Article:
On the occasion of "Twelve", designed by Alessandro Mendini and produced by Riva 1920, we had a chat with Maurizio Riva, who manages the firm together with his siblings.

Riva is a very active firm, with many ideas and important commissions. Where does this desire to create come from? And how do you try to pass it on to the people who work for you?

I think that every human being, if he or she has the good fortune of being healthy, has the right and the duty to go out and work, and through his or her professional engagement, to leave a positive trace in life, above all with future generations in mind.

In your collections, you give a great deal of attention to materials: you use wood that has already been used, for example. Why?

We are woodworkers and true woodworkers work with real wood. We decided on used wood because, through its rebirth, wood is given another life, and wood is a precious material that nature makes a great effort to give us.

What binds our craftsmen together is a very close relationship of great faith and mutual esteem, which enables us to grow together and to work seriously and passionately every day, creating healthy, natural products to pass on through time.

Besides creating your line of furniture, you work in close contact with famous architects. Do professionals seek your experience or do they always know what they want?

Working with great architects and designers on the level of Italo Rota, Paolo Pininfarina and many others has been very exciting for us. Every day spent with them is full-circle research work, comparison, mutual exchange and human and professional growth.

How did you get the idea for "Giulia", the rocking horse designed by Pininfarina?

“Giulia” was born when engineer Paolo Pininfarina was about to become a father. Giulia is his daughter’s name. I, too, as a happy grandfather with two little grandchildren, am very fond of this rocking horse in fragrant Lebanese cedar wood.

What are the two projects at Riva that you are most personally involved in?

One of the projects I think I am most closely linked to, mainly for its symbolic value, is Ground Zero, the initiative that witnessed the production of five tables in kauri wood signed by important designers and then auctioned off so that the profits could be donated to the children of firemen killed in during the attack on the Twin Towers on 11 September 2001. The other project that I was most emotionally involved in is certainly the one where we salvaged pilings from the Venetian Lagoon, better known by the name of Briccole, and so the collection was called “Tra le Briccole di Venezia”, signed by 34 architects and designers of international fame.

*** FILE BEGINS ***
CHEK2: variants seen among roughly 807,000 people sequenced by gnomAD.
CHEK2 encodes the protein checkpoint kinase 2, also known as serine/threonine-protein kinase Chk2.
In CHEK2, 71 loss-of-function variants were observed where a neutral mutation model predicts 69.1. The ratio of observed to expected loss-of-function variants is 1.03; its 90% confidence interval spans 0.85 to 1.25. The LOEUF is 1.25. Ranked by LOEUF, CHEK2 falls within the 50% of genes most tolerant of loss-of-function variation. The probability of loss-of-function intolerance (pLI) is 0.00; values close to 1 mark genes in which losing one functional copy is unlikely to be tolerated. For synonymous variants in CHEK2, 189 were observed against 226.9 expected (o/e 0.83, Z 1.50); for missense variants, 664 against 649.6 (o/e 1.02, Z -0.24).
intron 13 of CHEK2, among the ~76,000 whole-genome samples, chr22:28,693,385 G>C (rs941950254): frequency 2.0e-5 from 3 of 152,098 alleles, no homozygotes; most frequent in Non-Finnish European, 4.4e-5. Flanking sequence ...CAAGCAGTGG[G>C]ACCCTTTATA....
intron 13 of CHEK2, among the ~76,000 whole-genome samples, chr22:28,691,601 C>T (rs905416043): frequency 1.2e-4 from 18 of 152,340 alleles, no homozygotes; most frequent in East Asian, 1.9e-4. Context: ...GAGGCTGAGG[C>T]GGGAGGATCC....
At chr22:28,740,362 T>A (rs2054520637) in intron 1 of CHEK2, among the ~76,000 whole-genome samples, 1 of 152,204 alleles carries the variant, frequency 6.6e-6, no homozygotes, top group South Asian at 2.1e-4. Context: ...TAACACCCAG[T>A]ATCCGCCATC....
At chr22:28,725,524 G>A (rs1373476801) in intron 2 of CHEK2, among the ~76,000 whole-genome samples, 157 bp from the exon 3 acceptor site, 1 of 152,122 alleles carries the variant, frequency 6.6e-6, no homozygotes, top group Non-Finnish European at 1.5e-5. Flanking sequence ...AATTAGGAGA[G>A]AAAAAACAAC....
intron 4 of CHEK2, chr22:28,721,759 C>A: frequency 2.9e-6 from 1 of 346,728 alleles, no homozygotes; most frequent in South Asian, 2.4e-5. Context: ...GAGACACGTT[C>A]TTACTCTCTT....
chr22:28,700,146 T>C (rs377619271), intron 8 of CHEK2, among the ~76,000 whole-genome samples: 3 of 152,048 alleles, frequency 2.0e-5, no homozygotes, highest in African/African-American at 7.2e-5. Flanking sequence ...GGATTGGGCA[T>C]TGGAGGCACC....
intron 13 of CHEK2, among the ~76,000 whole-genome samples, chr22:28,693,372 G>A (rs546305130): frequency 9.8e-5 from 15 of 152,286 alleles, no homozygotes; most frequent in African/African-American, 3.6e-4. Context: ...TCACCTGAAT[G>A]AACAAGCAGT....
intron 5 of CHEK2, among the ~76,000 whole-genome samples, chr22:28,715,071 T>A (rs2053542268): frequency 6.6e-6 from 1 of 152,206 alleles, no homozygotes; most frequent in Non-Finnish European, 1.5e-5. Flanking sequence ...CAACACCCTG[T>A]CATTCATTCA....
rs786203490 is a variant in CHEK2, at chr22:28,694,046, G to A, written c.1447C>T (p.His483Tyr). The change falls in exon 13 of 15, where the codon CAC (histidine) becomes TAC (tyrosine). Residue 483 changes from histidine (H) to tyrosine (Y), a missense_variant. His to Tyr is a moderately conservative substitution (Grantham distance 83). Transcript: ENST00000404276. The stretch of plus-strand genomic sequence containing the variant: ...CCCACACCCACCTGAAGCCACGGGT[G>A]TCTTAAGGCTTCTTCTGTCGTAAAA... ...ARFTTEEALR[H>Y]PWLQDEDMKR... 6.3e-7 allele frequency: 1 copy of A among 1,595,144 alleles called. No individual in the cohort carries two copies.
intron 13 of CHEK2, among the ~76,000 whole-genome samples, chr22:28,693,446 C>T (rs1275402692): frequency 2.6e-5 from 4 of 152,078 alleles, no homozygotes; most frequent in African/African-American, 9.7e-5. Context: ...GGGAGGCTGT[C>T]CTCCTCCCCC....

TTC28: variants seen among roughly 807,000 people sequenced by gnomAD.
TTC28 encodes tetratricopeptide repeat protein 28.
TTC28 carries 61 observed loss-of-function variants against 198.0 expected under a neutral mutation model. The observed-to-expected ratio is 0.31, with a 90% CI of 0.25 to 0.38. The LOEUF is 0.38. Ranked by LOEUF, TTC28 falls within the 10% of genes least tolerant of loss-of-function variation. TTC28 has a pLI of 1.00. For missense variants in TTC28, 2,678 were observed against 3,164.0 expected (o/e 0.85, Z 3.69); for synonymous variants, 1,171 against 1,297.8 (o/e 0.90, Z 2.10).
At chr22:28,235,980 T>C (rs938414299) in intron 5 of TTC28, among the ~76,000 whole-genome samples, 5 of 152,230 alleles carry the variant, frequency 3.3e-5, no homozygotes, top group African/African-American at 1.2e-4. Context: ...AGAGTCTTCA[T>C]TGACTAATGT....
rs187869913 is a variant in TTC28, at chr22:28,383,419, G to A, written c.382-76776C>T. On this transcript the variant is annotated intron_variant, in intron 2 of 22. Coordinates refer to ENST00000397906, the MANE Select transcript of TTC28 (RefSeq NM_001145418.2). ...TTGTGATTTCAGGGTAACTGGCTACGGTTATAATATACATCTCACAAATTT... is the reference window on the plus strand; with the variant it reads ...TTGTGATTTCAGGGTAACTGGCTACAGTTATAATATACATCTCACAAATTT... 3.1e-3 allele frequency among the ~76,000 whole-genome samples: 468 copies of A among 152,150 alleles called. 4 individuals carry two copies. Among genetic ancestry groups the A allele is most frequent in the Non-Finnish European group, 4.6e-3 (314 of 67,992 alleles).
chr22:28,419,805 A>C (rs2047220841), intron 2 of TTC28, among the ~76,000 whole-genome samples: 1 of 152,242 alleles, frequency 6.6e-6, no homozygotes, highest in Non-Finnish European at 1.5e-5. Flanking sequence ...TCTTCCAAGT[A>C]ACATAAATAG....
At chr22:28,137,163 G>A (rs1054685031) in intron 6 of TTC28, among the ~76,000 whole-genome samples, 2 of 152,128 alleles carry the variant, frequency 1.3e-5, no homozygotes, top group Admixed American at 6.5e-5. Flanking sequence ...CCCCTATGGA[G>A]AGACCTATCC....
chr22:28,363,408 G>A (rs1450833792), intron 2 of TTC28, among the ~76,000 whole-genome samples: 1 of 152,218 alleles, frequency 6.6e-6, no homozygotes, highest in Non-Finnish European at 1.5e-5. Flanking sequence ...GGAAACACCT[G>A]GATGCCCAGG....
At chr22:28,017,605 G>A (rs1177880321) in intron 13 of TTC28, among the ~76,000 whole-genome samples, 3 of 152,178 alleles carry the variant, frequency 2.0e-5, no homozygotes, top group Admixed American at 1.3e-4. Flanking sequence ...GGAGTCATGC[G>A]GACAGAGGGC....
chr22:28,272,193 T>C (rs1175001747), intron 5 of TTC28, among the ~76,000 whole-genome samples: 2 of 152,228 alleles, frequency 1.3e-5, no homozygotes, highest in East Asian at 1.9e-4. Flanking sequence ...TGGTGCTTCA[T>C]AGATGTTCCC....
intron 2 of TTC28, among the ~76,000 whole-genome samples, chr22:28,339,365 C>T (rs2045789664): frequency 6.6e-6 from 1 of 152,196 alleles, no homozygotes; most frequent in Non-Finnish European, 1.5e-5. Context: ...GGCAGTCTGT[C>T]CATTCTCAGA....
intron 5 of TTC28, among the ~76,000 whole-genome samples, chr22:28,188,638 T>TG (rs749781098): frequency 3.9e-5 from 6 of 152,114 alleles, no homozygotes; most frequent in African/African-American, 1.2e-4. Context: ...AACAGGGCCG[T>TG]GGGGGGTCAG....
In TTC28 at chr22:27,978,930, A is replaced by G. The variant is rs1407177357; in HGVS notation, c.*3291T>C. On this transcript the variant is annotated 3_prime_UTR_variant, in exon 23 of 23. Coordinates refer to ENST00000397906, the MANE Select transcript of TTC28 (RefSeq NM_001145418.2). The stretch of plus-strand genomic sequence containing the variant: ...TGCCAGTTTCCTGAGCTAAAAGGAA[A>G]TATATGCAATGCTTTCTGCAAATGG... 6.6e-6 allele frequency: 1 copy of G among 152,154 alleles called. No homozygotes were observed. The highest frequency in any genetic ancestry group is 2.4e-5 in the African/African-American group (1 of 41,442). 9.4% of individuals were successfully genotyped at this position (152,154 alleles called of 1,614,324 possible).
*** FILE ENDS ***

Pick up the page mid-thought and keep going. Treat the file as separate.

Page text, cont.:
You do many social projects – what is the last one you were concerned with?

Our last project with a social purpose was to salvage wood from barrels, with the community of San Patrignano. When I visited the community for the first time, I was struck to the heart, seeing and getting to know all of those lost kids who, through the community, were trying to find their way back again. After visiting the cellars of San Patrignano, where there are barrels that must be substituted every three years, I immediately thought of creating a project where wood could be recycled. So I got over 30 designers and architects involved, and they designed objects that were then created directly by the kids of the community’s carpentry department – by using the wood from their barrels.

Have you set up different competitions that get dealers, curiosity seekers and enthusiasts to talk to each other? What other initiatives do you have in the works?

With the birth of the Circolo del Legno, an association that unites enthusiasts of this precious material, wood, each month we organize conferences and workshops in our Showroom (the Museum of Wood). They revolve around this noble material and all of the possible related themes, through which we can compare and share ideas and impressions. At the same time, we welcome young people and everyone who wants to discover our world through our factories and the “Porte Aperte” (open doors) programme, an initiative that enables people to visit our production units and see our production cycle, from cutting trunks to the end product.

Your Wood Museum is one-of-a-kind: how did this collection come about?

The collection of all of the instruments in our Wood Museum began through the desire to collect everything that our ancestors used during their lifetimes, with the firm objective of preserving and handing our history and our traditions down to future generations.

In your firm, many excellent craftsmen work – what kind of relationship do you have with them? How is their know-how handed down to their apprentices?

What binds our craftsmen together is a very close relationship of great faith and mutual esteem, which enables us to grow together and to work seriously and passionately every day, creating healthy, natural products to pass on through time.